Last month, Daniel Stillman and I had an opportunity to teach a class, “Design for Non-Designers,” at the Brooklyn Brainery. The class was essentially a design for non-designers workshop broken into a lecture session on the first night, and a group exercise around a simple brief on the second.

As people who use design every day, it was really compelling to hit the books and reevaluate the process as part of our preparation for the class. Our audience contained people who work in finance, the social sector, government, and start-ups: but not one single designer. So comparing different approaches (from Patrick Whitney’s method developed at IIT to David Gray’s Gamestorming) and pulling out all of the inaccessible design lingo not only helped us communicate with our audience, but made a few things gel for ourselves as well. Our synthesized, concise explanation of the design process is now back in the studio, being put to good use and driving us to experiment and improve on how we work.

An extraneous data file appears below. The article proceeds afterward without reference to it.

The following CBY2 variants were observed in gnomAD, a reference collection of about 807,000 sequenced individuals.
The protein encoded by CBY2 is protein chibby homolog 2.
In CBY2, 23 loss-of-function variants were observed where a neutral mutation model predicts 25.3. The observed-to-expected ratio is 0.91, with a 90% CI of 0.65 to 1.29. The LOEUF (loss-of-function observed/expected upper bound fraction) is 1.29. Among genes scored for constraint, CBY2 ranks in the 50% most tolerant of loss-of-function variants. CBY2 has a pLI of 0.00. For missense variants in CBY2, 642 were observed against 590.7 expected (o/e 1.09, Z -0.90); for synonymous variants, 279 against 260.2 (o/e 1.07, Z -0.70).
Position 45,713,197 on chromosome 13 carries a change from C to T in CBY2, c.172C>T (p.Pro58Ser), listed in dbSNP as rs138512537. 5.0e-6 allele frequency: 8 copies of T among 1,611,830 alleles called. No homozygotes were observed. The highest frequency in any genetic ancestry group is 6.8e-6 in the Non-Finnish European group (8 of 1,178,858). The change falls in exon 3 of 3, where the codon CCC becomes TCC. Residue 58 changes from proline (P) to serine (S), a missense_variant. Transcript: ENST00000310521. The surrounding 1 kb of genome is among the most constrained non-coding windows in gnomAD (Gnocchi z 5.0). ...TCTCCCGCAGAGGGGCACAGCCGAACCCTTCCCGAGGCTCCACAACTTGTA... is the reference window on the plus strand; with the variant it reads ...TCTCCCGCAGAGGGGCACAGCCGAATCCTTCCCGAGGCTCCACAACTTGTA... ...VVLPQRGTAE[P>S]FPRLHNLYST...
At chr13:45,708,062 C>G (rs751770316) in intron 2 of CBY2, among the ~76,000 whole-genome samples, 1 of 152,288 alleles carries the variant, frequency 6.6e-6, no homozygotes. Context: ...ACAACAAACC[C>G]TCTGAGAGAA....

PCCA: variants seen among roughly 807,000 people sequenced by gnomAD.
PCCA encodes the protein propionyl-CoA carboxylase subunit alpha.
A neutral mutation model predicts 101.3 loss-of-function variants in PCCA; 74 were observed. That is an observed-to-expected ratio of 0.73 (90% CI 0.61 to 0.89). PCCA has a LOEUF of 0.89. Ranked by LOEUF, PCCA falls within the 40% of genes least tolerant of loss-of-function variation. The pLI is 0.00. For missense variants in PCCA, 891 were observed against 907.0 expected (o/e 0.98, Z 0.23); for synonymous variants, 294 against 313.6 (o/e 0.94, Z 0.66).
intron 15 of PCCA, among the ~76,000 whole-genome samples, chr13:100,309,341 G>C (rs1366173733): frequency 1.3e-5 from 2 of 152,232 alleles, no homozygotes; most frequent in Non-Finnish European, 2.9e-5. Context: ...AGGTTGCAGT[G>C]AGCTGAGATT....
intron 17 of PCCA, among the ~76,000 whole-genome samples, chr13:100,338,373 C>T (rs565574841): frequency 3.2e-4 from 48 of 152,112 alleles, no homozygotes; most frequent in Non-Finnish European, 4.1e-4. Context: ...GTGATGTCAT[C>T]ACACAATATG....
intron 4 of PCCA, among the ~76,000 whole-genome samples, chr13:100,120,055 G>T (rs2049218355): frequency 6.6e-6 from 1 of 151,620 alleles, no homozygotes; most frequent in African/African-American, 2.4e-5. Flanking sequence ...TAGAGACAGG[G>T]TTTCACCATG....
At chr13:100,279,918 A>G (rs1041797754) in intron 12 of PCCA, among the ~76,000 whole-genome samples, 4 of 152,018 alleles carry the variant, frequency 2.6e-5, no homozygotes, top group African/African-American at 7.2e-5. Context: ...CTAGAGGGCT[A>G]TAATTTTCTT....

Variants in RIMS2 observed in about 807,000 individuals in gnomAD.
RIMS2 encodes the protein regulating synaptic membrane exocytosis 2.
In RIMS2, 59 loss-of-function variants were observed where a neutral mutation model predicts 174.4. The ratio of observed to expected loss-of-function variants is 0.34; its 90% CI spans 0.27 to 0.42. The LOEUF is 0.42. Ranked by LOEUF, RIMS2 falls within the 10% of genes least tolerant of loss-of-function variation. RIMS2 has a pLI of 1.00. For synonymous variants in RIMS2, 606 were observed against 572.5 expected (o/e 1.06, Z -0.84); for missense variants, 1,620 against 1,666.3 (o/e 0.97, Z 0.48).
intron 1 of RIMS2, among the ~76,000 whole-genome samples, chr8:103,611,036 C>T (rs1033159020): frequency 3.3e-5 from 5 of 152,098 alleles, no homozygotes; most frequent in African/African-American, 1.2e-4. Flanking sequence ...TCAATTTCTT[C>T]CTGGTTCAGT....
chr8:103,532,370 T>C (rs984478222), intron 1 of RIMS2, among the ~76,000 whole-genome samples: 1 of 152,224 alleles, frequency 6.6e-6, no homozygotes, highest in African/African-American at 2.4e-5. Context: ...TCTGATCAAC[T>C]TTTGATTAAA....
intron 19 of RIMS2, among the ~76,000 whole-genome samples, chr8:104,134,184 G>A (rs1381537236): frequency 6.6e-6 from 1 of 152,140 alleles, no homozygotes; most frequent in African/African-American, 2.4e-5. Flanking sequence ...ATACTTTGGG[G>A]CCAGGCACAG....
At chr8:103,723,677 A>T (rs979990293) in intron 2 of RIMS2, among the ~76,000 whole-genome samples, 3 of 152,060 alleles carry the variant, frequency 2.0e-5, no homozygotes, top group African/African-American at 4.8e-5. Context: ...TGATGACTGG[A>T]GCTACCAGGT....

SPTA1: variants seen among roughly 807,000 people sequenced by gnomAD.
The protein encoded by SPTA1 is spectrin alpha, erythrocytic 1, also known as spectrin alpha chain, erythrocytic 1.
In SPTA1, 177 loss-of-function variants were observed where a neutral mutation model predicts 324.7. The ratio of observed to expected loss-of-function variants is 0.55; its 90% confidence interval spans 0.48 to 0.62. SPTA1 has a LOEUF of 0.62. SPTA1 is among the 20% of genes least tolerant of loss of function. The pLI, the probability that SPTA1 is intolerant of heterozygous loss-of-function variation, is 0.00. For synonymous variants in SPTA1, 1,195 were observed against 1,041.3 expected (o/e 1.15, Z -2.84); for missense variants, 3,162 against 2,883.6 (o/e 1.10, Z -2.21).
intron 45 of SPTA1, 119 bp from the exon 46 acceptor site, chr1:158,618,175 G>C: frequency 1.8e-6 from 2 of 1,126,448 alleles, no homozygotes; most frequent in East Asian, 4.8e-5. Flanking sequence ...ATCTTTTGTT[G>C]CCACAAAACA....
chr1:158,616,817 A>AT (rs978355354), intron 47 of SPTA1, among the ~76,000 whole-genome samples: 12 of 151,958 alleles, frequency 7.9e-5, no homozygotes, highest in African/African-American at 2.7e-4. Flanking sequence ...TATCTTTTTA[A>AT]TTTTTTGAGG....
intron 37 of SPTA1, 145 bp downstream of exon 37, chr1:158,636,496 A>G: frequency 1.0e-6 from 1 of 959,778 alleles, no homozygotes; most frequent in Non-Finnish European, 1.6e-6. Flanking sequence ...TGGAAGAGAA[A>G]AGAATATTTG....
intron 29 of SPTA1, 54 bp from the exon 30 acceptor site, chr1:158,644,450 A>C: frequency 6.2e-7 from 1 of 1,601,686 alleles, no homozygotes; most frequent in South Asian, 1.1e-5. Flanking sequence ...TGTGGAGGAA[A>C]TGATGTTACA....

A diagram was passed out at the beginning of the second session to guide the class through the steps of the design process in the hour and a half we had to work. Each of the four steps has an opening (divergent) and a closing (convergent) piece of the associated activity. Combining this technique with some serious timeboxing got us through the entire process and resulted in some amazing solutions from the groups. Who among us doesn’t want a beachside concierge service on our mobile phones?

If you’re in the New York Metro area and are interested in “accessible, community-driven, crowd sourced education” on very nearly any topic imaginable, be sure and take a look at the Brooklyn Brainery’s class list. You might even catch a redux of Design for Non-Designers!